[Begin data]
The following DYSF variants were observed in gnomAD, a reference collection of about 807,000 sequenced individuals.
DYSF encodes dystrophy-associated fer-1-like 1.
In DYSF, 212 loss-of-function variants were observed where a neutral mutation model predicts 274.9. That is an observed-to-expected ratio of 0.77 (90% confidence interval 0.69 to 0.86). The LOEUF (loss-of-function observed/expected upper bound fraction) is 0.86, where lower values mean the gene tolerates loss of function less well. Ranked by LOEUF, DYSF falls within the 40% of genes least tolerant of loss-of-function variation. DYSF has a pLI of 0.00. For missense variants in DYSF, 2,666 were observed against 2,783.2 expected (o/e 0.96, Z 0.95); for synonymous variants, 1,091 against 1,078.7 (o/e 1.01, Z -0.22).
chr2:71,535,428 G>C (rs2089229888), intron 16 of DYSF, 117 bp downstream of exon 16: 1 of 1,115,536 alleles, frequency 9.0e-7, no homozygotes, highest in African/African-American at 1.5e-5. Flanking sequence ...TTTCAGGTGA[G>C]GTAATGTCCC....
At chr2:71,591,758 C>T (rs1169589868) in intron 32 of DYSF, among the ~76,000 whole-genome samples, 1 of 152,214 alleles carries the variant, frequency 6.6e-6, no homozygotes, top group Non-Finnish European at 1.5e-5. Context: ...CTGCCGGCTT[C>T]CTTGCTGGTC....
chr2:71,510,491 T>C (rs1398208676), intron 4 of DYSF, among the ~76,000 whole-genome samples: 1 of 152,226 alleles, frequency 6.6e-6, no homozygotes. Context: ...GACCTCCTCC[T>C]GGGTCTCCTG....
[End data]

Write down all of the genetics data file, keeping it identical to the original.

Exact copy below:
The following DYSF variants were observed in gnomAD, a reference collection of about 807,000 sequenced individuals.
DYSF encodes dystrophy-associated fer-1-like 1.
In DYSF, 212 loss-of-function variants were observed where a neutral mutation model predicts 274.9. That is an observed-to-expected ratio of 0.77 (90% confidence interval 0.69 to 0.86). The LOEUF (loss-of-function observed/expected upper bound fraction) is 0.86, where lower values mean the gene tolerates loss of function less well. Ranked by LOEUF, DYSF falls within the 40% of genes least tolerant of loss-of-function variation. DYSF has a pLI of 0.00. For missense variants in DYSF, 2,666 were observed against 2,783.2 expected (o/e 0.96, Z 0.95); for synonymous variants, 1,091 against 1,078.7 (o/e 1.01, Z -0.22).
chr2:71,535,428 G>C (rs2089229888), intron 16 of DYSF, 117 bp downstream of exon 16: 1 of 1,115,536 alleles, frequency 9.0e-7, no homozygotes, highest in African/African-American at 1.5e-5. Flanking sequence ...TTTCAGGTGA[G>C]GTAATGTCCC....
At chr2:71,591,758 C>T (rs1169589868) in intron 32 of DYSF, among the ~76,000 whole-genome samples, 1 of 152,214 alleles carries the variant, frequency 6.6e-6, no homozygotes, top group Non-Finnish European at 1.5e-5. Context: ...CTGCCGGCTT[C>T]CTTGCTGGTC....
chr2:71,510,491 T>C (rs1398208676), intron 4 of DYSF, among the ~76,000 whole-genome samples: 1 of 152,226 alleles, frequency 6.6e-6, no homozygotes. Context: ...GACCTCCTCC[T>C]GGGTCTCCTG....